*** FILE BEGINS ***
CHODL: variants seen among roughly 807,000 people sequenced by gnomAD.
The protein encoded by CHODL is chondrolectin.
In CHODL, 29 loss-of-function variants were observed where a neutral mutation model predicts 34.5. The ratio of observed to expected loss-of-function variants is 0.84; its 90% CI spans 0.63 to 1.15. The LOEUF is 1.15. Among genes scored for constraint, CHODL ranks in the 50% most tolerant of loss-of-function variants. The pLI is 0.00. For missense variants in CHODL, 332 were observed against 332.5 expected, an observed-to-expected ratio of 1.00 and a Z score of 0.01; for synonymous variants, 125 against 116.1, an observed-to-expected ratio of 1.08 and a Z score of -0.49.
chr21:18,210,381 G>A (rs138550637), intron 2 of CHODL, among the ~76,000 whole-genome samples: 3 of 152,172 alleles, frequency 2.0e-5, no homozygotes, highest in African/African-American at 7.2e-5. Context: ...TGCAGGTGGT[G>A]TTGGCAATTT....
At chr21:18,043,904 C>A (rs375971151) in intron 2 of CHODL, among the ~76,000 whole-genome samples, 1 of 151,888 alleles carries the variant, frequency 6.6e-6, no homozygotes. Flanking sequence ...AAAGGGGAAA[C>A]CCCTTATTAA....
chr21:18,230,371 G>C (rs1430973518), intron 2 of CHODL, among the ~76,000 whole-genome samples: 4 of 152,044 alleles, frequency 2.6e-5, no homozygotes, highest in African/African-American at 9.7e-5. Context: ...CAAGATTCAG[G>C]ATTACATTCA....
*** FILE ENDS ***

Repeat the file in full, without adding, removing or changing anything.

CHODL: variants seen among roughly 807,000 people sequenced by gnomAD.
The protein encoded by CHODL is chondrolectin.
In CHODL, 29 loss-of-function variants were observed where a neutral mutation model predicts 34.5. The ratio of observed to expected loss-of-function variants is 0.84; its 90% CI spans 0.63 to 1.15. The LOEUF is 1.15. Among genes scored for constraint, CHODL ranks in the 50% most tolerant of loss-of-function variants. The pLI is 0.00. For missense variants in CHODL, 332 were observed against 332.5 expected, an observed-to-expected ratio of 1.00 and a Z score of 0.01; for synonymous variants, 125 against 116.1, an observed-to-expected ratio of 1.08 and a Z score of -0.49.
chr21:18,210,381 G>A (rs138550637), intron 2 of CHODL, among the ~76,000 whole-genome samples: 3 of 152,172 alleles, frequency 2.0e-5, no homozygotes, highest in African/African-American at 7.2e-5. Context: ...TGCAGGTGGT[G>A]TTGGCAATTT....
At chr21:18,043,904 C>A (rs375971151) in intron 2 of CHODL, among the ~76,000 whole-genome samples, 1 of 151,888 alleles carries the variant, frequency 6.6e-6, no homozygotes. Flanking sequence ...AAAGGGGAAA[C>A]CCCTTATTAA....
chr21:18,230,371 G>C (rs1430973518), intron 2 of CHODL, among the ~76,000 whole-genome samples: 4 of 152,044 alleles, frequency 2.6e-5, no homozygotes, highest in African/African-American at 9.7e-5. Context: ...CAAGATTCAG[G>C]ATTACATTCA....